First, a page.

Miranda v. Arizona


On March 13, 1963, Ernesto Miranda was arrested on charges of kidnapping and rape. After 2 hours of interrogation, officers got a written confession. This confession was used as evidence at his trial even though Miranda had never been told that he did not have to talk to police or that he had the right to a lawyer. The jury found Miranda guilty.


The Supreme Court overturned Miranda’s conviction, ruling that his 5th Amendment right against self-incrimination had been violated. The Court ruled that detained criminal suspects, prior to police questioning, must be told of their constitutional right to remain silent and to have an attorney. This is now called the Miranda Warning.


After the Supreme Court ruling, Miranda was retried by the State of Arizona. While his confession was not admitted at the second trial, he was again found guilty and sentenced to 20-30 years in prison.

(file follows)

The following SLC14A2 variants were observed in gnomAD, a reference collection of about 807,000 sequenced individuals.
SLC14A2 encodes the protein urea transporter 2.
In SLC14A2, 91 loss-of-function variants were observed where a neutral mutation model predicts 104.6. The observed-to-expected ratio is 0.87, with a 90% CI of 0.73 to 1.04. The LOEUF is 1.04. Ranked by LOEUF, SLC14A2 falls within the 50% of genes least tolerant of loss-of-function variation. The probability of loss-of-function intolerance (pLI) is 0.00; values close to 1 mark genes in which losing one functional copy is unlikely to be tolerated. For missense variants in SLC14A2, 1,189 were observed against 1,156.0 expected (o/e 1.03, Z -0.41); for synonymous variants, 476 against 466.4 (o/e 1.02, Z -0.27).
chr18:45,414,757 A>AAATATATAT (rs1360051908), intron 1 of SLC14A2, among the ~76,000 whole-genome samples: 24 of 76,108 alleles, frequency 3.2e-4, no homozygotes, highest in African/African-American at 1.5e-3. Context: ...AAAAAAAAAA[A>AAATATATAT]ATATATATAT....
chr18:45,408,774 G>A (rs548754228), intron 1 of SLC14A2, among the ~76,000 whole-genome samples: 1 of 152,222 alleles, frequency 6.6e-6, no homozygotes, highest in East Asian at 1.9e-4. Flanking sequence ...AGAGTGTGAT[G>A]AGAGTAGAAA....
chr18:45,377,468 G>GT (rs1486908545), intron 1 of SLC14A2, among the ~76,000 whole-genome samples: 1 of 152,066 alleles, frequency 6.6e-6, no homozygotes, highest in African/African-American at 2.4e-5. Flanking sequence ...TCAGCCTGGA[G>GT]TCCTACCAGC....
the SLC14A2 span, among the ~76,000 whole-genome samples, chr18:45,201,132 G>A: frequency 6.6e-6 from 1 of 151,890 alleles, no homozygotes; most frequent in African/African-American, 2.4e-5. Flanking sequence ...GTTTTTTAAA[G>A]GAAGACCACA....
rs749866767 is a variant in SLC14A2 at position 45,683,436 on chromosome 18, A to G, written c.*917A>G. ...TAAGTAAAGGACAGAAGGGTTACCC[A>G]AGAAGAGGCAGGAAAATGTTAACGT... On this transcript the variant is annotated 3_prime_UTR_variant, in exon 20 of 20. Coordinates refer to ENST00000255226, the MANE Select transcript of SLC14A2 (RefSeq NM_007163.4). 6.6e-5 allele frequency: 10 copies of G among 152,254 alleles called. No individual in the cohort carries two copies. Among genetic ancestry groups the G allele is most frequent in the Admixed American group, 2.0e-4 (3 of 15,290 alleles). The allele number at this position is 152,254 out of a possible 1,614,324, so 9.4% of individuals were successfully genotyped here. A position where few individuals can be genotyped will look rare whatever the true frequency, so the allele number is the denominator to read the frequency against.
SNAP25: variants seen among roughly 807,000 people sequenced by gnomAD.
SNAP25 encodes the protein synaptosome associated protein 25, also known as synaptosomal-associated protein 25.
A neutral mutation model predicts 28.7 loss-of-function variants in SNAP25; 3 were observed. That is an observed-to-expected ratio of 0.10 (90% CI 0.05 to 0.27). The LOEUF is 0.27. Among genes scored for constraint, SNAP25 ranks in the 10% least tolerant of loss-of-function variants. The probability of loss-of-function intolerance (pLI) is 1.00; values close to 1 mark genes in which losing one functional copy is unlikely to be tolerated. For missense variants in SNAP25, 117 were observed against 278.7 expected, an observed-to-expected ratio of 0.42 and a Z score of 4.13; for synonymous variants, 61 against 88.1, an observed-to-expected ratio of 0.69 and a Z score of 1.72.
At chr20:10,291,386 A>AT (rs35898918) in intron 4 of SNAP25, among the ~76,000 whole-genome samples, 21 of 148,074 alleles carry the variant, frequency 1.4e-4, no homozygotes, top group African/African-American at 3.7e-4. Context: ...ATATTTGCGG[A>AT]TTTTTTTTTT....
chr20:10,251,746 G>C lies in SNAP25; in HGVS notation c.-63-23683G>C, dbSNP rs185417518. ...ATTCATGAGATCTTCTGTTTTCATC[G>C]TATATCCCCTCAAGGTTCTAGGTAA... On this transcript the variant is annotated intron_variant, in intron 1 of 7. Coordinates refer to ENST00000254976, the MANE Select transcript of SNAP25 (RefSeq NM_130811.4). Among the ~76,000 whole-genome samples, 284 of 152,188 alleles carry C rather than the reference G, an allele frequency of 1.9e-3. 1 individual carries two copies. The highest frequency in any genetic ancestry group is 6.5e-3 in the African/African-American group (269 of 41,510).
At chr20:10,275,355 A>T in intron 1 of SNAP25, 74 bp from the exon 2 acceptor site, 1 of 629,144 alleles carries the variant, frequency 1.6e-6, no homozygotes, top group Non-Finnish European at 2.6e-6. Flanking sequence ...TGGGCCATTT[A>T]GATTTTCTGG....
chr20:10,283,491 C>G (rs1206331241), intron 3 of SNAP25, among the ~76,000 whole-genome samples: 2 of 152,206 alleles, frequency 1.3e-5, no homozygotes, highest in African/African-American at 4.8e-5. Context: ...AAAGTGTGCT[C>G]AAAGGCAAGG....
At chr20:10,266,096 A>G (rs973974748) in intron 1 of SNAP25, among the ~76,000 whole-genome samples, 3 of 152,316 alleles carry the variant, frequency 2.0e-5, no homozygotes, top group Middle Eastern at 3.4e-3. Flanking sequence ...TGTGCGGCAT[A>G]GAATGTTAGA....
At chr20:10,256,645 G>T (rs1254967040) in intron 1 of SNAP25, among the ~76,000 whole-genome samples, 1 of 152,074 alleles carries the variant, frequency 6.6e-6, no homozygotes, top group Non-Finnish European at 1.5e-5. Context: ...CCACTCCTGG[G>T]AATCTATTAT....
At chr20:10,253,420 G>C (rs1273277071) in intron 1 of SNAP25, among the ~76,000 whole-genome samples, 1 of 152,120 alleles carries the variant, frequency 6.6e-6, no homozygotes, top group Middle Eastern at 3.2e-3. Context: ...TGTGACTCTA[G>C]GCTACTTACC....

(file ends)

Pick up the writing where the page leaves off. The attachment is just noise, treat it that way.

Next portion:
In 1972,Miranda was released on parole after serving 11 years. After his release, he sold autographed Miranda Warning cards for $1.50.

On January 31, 1976, when Miranda was 35 years old, he was stabbed to death in an argument during a card game at La Amapola Bar in Phoenix.

A suspect in Miranda’s murder was arrested, but he chose to exercise his right to remain silent after being read his Miranda rights. The suspect was released, and is thought to have fled to Mexico. No one was ever charged with the murder.


1. You have the right to remain silent.

2. Anything you say can and will be used against you in a court of law.